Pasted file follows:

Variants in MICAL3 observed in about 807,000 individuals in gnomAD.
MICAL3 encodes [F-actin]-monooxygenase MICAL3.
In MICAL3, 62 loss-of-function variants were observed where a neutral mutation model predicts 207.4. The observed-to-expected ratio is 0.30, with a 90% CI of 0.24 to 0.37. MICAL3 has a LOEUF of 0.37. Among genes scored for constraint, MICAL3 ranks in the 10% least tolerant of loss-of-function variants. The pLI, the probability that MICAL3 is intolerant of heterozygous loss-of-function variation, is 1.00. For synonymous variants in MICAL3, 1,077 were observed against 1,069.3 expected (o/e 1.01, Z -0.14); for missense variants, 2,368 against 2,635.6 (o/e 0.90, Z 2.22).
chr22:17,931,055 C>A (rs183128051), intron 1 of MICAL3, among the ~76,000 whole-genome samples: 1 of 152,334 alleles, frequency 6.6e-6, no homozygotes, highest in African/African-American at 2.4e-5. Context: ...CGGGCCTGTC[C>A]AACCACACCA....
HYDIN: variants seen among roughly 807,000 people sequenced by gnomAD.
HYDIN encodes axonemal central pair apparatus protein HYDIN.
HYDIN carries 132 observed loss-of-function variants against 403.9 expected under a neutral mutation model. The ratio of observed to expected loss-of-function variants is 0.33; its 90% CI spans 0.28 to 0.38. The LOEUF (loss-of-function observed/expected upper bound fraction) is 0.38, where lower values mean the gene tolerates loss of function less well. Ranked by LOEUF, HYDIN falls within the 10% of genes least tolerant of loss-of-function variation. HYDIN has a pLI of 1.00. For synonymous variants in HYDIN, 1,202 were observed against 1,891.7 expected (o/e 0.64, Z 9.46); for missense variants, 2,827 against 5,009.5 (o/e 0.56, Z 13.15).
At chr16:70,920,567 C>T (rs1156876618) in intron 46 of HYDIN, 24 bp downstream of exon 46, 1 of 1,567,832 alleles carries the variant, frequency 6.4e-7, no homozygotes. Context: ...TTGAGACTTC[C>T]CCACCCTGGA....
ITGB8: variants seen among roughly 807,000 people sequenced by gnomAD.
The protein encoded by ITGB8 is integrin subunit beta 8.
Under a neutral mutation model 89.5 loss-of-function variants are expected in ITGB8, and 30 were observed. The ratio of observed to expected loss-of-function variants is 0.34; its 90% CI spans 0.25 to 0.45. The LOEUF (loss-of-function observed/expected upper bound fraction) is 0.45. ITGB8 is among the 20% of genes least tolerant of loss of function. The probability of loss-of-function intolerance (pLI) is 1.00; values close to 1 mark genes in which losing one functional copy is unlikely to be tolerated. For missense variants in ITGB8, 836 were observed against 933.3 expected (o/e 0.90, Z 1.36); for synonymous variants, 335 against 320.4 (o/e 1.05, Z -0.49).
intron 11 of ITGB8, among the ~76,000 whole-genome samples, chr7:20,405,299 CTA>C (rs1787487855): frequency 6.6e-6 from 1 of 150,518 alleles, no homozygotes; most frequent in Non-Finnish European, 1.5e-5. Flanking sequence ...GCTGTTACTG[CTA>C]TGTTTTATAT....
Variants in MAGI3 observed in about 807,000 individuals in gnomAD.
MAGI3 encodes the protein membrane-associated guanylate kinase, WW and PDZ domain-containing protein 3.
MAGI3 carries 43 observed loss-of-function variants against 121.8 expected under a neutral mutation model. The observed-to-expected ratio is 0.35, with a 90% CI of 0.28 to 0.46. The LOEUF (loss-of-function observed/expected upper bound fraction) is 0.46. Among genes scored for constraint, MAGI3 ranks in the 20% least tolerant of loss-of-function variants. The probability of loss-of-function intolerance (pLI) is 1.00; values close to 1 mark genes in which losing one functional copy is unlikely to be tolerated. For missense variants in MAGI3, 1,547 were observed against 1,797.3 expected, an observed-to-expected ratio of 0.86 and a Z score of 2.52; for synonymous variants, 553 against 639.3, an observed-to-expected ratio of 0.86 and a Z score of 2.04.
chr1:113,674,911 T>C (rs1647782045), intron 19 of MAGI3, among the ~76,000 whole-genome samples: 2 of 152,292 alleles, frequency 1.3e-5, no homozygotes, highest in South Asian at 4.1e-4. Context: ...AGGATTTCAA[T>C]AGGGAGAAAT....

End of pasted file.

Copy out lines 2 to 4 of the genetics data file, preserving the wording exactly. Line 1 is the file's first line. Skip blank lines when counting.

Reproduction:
MICAL3 encodes [F-actin]-monooxygenase MICAL3.
In MICAL3, 62 loss-of-function variants were observed where a neutral mutation model predicts 207.4. The observed-to-expected ratio is 0.30, with a 90% CI of 0.24 to 0.37. MICAL3 has a LOEUF of 0.37. Among genes scored for constraint, MICAL3 ranks in the 10% least tolerant of loss-of-function variants. The pLI, the probability that MICAL3 is intolerant of heterozygous loss-of-function variation, is 1.00. For synonymous variants in MICAL3, 1,077 were observed against 1,069.3 expected (o/e 1.01, Z -0.14); for missense variants, 2,368 against 2,635.6 (o/e 0.90, Z 2.22).
chr22:17,931,055 C>A (rs183128051), intron 1 of MICAL3, among the ~76,000 whole-genome samples: 1 of 152,334 alleles, frequency 6.6e-6, no homozygotes, highest in African/African-American at 2.4e-5. Context: ...CGGGCCTGTC[C>A]AACCACACCA....